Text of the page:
In recent articles, we have pointed out the duty that producers have to make their clients aware of the option of a life settlement for policies that are about to be lapsed or surrendered. As a trusted advisor to your clients, however, it is also your responsibility to tell them about the alternatives to a life settlement.
A life insurance policy is uniquely valuable property, and the benefits of an existing policy that is lapsed, surrendered or sold as a life settlement are usually impossible to duplicate. If, after transaction costs and administrative expenses, a policy is a good investment for a third party, it would likely be an even better deal for the insured’s beneficiaries to hold on to it without any of those additional costs. Every effort should be made to help a client keep his or her life insurance policy before resorting to a life settlement.
Policies offered up for a life settlement generally fall into one of two categories: (1) the policy is no longer wanted or needed, or (2) the policy is no longer affordable. Each category offers different alternatives to a life settlement.
When a policy is no longer wanted or needed, it is generally because the reason for its original acquisition no longer exists. For personal insurance, this could be because the intended beneficiary has predeceased the insured. For a business purpose policy (buy-sell, fringe benefit or key person), the insured may have left the business through retirement or the business has been sold or dissolved. For a trust-owned policy held for estate liquidity, the insured’s projected estate tax liability may have declined.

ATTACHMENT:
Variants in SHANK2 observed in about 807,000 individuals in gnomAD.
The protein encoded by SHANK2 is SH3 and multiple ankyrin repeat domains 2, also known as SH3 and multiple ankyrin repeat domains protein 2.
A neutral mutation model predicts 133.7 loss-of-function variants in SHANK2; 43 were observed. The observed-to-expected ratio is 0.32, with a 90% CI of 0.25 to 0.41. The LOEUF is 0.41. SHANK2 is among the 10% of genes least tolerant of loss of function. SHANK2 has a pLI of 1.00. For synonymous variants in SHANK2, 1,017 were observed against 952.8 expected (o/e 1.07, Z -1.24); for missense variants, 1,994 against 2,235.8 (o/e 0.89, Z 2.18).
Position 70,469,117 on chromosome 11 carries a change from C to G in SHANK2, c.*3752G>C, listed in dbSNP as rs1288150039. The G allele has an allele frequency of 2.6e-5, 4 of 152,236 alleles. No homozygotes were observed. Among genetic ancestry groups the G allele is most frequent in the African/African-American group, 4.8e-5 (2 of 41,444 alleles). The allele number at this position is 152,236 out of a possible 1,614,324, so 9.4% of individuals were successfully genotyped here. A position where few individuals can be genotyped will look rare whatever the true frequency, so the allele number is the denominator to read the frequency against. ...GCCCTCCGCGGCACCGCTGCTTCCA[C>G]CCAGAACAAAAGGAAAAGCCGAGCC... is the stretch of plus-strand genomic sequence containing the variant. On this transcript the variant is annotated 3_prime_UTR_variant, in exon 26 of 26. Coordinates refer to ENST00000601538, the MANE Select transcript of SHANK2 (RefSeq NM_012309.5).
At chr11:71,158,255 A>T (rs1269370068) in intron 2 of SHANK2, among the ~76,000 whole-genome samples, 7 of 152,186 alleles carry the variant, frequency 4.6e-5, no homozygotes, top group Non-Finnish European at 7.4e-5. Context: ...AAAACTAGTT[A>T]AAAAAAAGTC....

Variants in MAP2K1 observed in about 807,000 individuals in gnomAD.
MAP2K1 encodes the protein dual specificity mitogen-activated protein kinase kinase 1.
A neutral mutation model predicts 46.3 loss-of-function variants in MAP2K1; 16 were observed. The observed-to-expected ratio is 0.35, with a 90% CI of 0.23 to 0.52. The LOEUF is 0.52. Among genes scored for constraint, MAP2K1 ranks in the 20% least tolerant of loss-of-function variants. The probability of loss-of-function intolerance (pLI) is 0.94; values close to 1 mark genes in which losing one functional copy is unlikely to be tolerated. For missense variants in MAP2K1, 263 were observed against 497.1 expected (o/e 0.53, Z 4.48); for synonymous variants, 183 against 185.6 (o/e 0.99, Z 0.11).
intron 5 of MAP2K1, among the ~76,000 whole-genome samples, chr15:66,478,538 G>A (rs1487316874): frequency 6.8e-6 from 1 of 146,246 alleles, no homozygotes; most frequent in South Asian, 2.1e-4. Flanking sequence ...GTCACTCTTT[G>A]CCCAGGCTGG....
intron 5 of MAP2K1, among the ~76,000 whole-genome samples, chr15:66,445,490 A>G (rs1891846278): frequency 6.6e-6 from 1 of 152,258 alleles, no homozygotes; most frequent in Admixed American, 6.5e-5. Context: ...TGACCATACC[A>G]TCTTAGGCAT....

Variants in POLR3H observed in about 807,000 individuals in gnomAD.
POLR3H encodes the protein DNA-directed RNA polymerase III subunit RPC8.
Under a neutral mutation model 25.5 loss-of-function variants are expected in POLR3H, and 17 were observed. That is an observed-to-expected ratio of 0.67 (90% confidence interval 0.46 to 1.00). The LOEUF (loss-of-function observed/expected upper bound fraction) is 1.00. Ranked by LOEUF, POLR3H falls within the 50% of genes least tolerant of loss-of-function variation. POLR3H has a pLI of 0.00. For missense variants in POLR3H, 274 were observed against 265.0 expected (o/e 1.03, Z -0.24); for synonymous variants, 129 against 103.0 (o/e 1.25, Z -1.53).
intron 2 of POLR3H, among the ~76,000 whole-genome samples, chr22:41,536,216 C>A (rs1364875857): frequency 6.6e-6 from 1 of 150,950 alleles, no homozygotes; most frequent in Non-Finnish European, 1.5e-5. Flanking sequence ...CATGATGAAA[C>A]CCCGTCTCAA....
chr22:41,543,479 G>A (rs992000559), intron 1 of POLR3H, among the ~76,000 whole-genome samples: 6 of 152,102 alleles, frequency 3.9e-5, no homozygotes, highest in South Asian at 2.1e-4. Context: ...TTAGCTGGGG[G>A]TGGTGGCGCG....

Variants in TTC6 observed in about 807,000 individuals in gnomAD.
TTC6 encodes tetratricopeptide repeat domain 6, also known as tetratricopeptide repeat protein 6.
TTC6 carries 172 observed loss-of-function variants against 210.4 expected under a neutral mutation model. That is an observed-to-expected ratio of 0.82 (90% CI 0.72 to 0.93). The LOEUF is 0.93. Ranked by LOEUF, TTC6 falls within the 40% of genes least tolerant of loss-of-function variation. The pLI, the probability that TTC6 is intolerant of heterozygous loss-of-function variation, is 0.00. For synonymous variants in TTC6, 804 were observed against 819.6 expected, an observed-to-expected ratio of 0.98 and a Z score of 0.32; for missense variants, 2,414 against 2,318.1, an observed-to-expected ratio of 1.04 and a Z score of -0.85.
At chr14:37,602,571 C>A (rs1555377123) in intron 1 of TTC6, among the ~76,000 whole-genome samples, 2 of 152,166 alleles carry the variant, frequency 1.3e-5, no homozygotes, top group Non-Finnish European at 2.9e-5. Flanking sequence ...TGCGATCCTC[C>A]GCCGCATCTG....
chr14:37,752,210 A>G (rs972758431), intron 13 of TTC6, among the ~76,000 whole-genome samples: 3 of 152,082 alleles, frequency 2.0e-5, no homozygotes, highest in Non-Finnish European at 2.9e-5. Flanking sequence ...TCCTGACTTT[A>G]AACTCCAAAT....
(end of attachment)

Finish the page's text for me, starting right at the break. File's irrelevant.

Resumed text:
For these types of situations, where the insurance is no longer needed, advisors should determine if the policy can be repurposed. Perhaps there is another personal beneficiary who could really benefit from the proceeds? Maybe the insured is in another business venture that would find the policy useful? Is there a new or different trust that addresses other estate planning needs and could be a successor owner of the policy? Finally, don’t overlook the possibility that there is a charity the policy owner might want to benefit.
If, on the other hand, the policy is still wanted, but the policy owner’s finances are driving the need to terminate the policy, different remedies might be considered. To pay premiums, explore the possibility of premium financing with an institutional lender, a family member or even a business under a split-dollar type arrangement. Perhaps the face amount can be lowered or the policy placed on reduced paid-up? Have the policy owner consider gifting the policy to relatives or a charity that would benefit from the policy and can afford to pay the premiums.
Sometimes, however, the policy owner’s finances are so dire that simply relieving them of the premium obligation is not enough. They need cash from the policy for living expenses. In such an instance, accessing the policy’s cash surrender value, if any, through a loan or withdrawal might get the policy owner over the hump in the short term. However, circumstances requiring a longer term solution might indicate the need to surrender the policy or to investigate the life settlement value.
Finally, the plight of a terminally ill insured must be considered. This situation harkens back to the 1980s and the origins of viaticals, when investors bought policies to help AIDS patients handle costs for their medical care and living expenses for the last year or so of their lives. It should go without saying that everything possible should be done to help a terminally ill insured retain his or her policy. Today, many policies offer accelerated death benefit riders that can provide a terminally ill insured with an advance on the death proceeds prior to death. Although the specific terms of these riders vary by company, they should certainly be investigated before considering a viatical settlement for someone with a terminal illness.
To best serve your clients, a life settlement should only be considered along with all the other options available to them. If, however, it is concluded that the policy would otherwise be lapsed or surrendered, the possibility of a life settlement should undoubtedly be investigated. Failing to maximize the value of a policy that is about to be terminated could be a very costly disservice to your clients.
For more on life settlements, see: